King Juan Carlos, who announced plans to abdicate on Monday, helped guide Spain to democracy after the death of dictator Francisco Franco, but his 40-year reign was clouded at its end by a graft scandal and accusations he was out of touch with the economic suffering of his people.
The reign of Juan Carlos, 76, is best known for a television broadcast he made in the early hours of February 24, 1981 condemning a revolt by right-wing military officers aggrieved by democratic reforms. Television footage of the leader of the rebels firing his revolver in parliament to cow deputies had been shown across the world.
“The crown, symbol of the permanence and unity of the motherland, cannot tolerate any actions or attitudes by persons who intend to interrupt the democratic process by force,” he said to a nation on tenterhooks the night of the coup attempt.
Despite suspicions among some on the left that he had originally encouraged the attempted putsch, Juan Carlos went on to earn the respect of notable, long-standing republicans.
“If the king had not been there on February 23 the military coup would have triumphed - of that I have no doubt,” veteran Communist Party leader Santiago Carrillo, who spent about 40 years in exile during Franco's reign, told Reuters in 2001.
Unlike British royalty
As a monarch, Juan Carlos and his wife, Queen Sophia, came across as warm and approachable, in contrast to more distant British royals. The king is a passionate sailor and also enjoyed bear hunting, skiing and motorbiking.
But Spanish media traditionally treated the royal family with a deference that would be the envy of British counterparts, eschewing more controversial aspects of his life.
A graft scandal had eroded the king's popularity in recent years. His daughter Princess Cristina and her husband, Inaki Urdangarin, are under investigation over alleged embezzlement of 6 million euros in public funds through his charity.
He himself faced accusations of being out of touch when caught on a lavish privately-funded elephant-hunting trip while Spaniards at home were suffering deep and sustained economic recession and high unemployment.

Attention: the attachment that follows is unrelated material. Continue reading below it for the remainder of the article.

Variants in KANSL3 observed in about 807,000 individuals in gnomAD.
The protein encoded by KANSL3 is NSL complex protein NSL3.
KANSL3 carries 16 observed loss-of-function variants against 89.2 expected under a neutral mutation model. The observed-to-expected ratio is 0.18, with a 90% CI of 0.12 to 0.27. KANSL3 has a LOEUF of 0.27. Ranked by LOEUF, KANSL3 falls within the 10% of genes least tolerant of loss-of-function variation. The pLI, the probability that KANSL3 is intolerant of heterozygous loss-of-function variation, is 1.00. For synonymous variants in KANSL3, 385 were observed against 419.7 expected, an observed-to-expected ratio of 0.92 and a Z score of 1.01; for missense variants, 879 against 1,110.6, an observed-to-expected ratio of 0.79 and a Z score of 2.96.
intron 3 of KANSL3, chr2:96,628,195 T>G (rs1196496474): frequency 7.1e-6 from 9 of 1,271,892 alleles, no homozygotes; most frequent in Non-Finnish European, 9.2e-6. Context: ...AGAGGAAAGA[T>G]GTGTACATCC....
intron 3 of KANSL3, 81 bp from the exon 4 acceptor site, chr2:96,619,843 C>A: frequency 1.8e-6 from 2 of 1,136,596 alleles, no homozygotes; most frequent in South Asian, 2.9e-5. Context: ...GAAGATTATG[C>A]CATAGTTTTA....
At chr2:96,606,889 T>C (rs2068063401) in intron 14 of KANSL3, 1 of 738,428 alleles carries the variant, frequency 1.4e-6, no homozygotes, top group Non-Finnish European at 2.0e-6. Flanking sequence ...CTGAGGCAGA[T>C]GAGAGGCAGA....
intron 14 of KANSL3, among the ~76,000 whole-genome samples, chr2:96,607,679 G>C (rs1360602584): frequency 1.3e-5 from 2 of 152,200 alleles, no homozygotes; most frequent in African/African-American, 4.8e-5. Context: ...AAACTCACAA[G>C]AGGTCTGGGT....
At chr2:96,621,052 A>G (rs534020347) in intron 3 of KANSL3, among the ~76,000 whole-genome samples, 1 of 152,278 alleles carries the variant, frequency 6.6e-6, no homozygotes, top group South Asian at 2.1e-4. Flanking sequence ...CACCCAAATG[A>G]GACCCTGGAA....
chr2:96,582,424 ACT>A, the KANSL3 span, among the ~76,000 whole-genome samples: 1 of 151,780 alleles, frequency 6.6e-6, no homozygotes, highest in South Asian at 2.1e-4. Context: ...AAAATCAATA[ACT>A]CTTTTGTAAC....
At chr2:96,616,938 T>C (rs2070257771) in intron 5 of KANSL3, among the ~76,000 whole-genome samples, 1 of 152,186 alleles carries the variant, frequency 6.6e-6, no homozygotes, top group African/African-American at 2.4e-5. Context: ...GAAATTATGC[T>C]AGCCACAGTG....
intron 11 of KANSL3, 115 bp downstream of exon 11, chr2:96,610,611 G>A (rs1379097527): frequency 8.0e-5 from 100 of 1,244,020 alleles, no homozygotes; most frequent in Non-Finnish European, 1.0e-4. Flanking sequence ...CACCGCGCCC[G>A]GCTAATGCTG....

His unexpected decision to abdicate in favor of his son Prince Felipe was announced by Prime Minister Mariano Rajoy. He said the king, whose health is failing and who has had five operations in two years, was stepping down on personal grounds.
Sources at the royal palace cited political reasons.
Chosen by Franco
Some critics had initially seen the king as a puppet chosen by Franco, who had ruled Spain for decades after winning a long civil war in 1939. Franco had declared himself head of state but was also de facto regent since the royal family was in exile.
Juan Carlos was crowned two days after Franco's death, on Nov. 22, 1975. Franco officially designated Juan Carlos as his successor in 1969, but had groomed him since 1948, when the future king first set foot in Spain at the age of 10.
Right-wing diehards had expected the king to continue with Franco's authoritarian style and felt betrayed when he paved the way for Spain to adopt a democratic constitution in 1978.
He cemented his popularity with gestures such as hugging Spanish captain Iker Castillas after his side won the European football championship in 2008, or when he famously put down Venezuelan President Hugo Chavez at a 2007 summit.
The king's irritated outburst of “Why don't you shut up!” during a typically long-winded Chavez speech instantly became the most popular ring tone in Spain.
His humble apology for the elephant-hunting incident, when he shuffled out of his hospital room after hip surgery and muttered “I'm very sorry. I made a mistake and it won't happen again” helped mend his reputation with many Spaniards.
Family in exile
Juan Carlos's early years were marked by tragedy, family exile and a tug-of-war between his father and Franco.
Juan Carlos Alfonso Victor Maria Borbon y Borbon-Dos Sicilias was born Jan. 5, 1938, on the eve of World War Two in Rome, where the Spanish royals lived after fleeing Spain when it became a republic in 1931.
Journalists and historians have said the hands-off approach to the family after its return was needed to safeguard a young and fragile democracy, although critics have said this amounted to censorship.
“We've had democracy for 30 years now,” said Senator Inaki Aanasagasti in 2010, a leading critic of the monarchy. “The media have been too benevolent towards the king in a democratic state.”
Very few Spaniards, for example, know about a fatal shooting accident when the king was 18. His younger brother Alfonso died in 1956 aged 15 in the family home in Portugal. A statement cleared by Franco said Alfonso was killed while cleaning a gun with his brother.
However, historian Paul Preston, in his 2003 biography on the King, says it is a widely accepted fact today that Juan Carlos' finger was “on the trigger” when the gun was fired.
Juan Carlos's youth was also marred by a rocky relationship with his father after he agreed to be Franco's successor and king, although Don Juan was heir to the throne and did not renounce his dynastic rights until May 1977.
Attended military academies
The king was educated in Switzerland, Portugal and later in armed forces academies in Spain and was often seen wearing military uniform.
He married Princess Sophia of Greece, the eldest daughter of King Paul I and Queen Federica, in 1962.
The king and queen have three children and eight grandchildren. His only son and youngest child, Felipe, married Letizia Ortiz, a television news presenter, in May 2004.